The Dow: Holding on but Overdone

By: Tim Wood | Sat, Jul 7, 2007
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Since the inception of the Dow Jones Industrial Average in 1896 there has been a long-term ebb and flow in the stock market known by many as the 4-year cycle. There have been 27 such completed 4-year cycles with an average duration of 47.04 months. I have identified specific common elements and markers that have occurred at all previous 4-year cycle tops and bottoms. Given that none of these common elements or markers have been seen since the 2002 4-year cycle low, the evidence continues to suggest that the market has not made a 4-year cycle top or bottom since the 2002 low. This in turn means that we are now seeing one of the longest 4-year cycles in stock market history. In the past, even the longest 4-year cycle advances ultimately ended with a decline into a low that was sufficient enough to trigger the same markers of all other 4-year cycle tops and bottoms.

I'm totally aware of the fact that few believe the 4-year cycle is still relevant and that many others believe that the 4-year cycle low occurred either in June 2006 or in March 2007. To be perfectly honest, I wish I could tell you that there was evidence to support this popular belief because it would make my job much easier in that that seems to be what people want to hear. But, the data simply does not support this. I can tell you with certainty that neither of the tops preceding these lows possessed the same characteristics as all previous 4-year cycle tops and neither of these lows possessed the same characteristics as any of the previous 4-year cycle lows. Thus, odds continue to suggest that the market remains in a very stretched and overdue 4-year cycle. With most people now in disbelief about the 4-year cycle the stage is set to take most market participants down along with the overdue 4-year cycle low. Much more specific details of this cycle and the surrounding statistics are available through Cycle News & Views. To view charts of this cyclical phenomena go to

As for the Dow theory, the Primary up trend was last reconfirmed on June 1, 2007. According to Dow theory, confirmation of a Primary up trend occurs when both the Industrials and the Transports better their previous "Secondary High Point." In contrast, confirmation of a Primary down trend occurs when both the Industrials and the Transports fall below their previous Secondary Low Point." It was back on April 1st when the April newsletter was released that I first reported I believed the March 2007 lows marked the previous "Secondary Low Points" for both the Industrials and the Transports. In the chart below I have marked each of the Secondary Low Points since the 2002 bottom.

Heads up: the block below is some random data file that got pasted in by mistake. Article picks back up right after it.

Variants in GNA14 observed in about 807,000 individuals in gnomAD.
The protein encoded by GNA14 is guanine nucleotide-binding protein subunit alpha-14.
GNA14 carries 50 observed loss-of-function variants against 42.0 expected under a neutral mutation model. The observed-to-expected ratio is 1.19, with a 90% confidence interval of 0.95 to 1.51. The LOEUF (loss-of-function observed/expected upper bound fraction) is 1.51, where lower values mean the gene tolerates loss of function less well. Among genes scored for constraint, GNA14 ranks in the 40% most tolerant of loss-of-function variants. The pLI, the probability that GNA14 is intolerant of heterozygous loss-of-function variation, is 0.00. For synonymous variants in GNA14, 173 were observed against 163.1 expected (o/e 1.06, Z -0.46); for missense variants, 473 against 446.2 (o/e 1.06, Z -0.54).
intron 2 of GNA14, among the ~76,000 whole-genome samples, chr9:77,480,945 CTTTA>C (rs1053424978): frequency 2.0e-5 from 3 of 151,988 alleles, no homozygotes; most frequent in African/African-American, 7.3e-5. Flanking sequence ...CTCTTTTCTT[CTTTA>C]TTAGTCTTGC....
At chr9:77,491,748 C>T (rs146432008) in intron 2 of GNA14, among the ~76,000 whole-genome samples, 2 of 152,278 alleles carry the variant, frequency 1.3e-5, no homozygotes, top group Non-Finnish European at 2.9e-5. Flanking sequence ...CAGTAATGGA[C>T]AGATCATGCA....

In the wake of the rally out of the March 2007 lows both averages moved into joint new highs on April 25, 2007. As a result, that marked the 5th time that both averages have bettered their previous Secondary High Points since the advance out of the 2002 low began. In doing so the Primary Trend was reconfirmed as being bullish once again. From that joint high the Transports began to lag the Industrials. This non-confirmation was however short lived and the last confirmation occurred on June 1, 2007 when both averages closed at, yet again, all time highs and in doing so the bullish Primary Trend was reconfirmed once again.

I have said this before, but I feel that it must be said again. In my opinion the advance up out of the 2002 low has proven that the most important aspect of Dow theory is not value or market phasing, but rather it is the most basic principle of Primary Trend confirmation. As Robert Rhea said: "Under Dow's theory the primary trend, once authoritatively established as bullish, is considered to be continuing in force until negated by a confirmed bearish indication such as would be the case when, after a reaction of full secondary proportions in a bull market, a rally fails to lift both averages to new high ground, and a later decline carries both averages below the preceding secondary low."

So, the bottom line as I see it is that according to Dow theory the Primary trend will remain bullish until both averages move below their previous Secondary Low Points. All the while the cyclical/trend quantification work suggests that this advance is now among the longest on record and as we all know, what goes up, must eventually come down. The key in my work is to follow my intermediate-term Cycle Turn Indicators. When they are positive, the market will have the opportunity to move higher. But, when they turn it is an opportunity for a much larger correction than most people anticipate. This advance is overdone in time and is very overbought with lagging internals to boot. "Bear Markets begin when optimism is high AND some policy/geopolitical, political road block develops that undermines economic confidence." Conditions are right for some such fundamental event to come along and when it does the overdue statistics will begin to matter.

I have begun doing free Friday market commentary that is available to everyone at so please begin joining me there. Should you be interested in analysis that provides intermediate-term turn points utilizing the Cycle Turn Indicator on stock market, the dollar, bonds, gold, silver, oil, gasoline, the XAU and more, then please visit for more details. A subscription includes access to the monthly issues of Cycles News & Views covering the Dow theory, and very detailed statistical based analysis plus updates 3 times a week.



Tim Wood

Author: Tim Wood

Tim W. Wood

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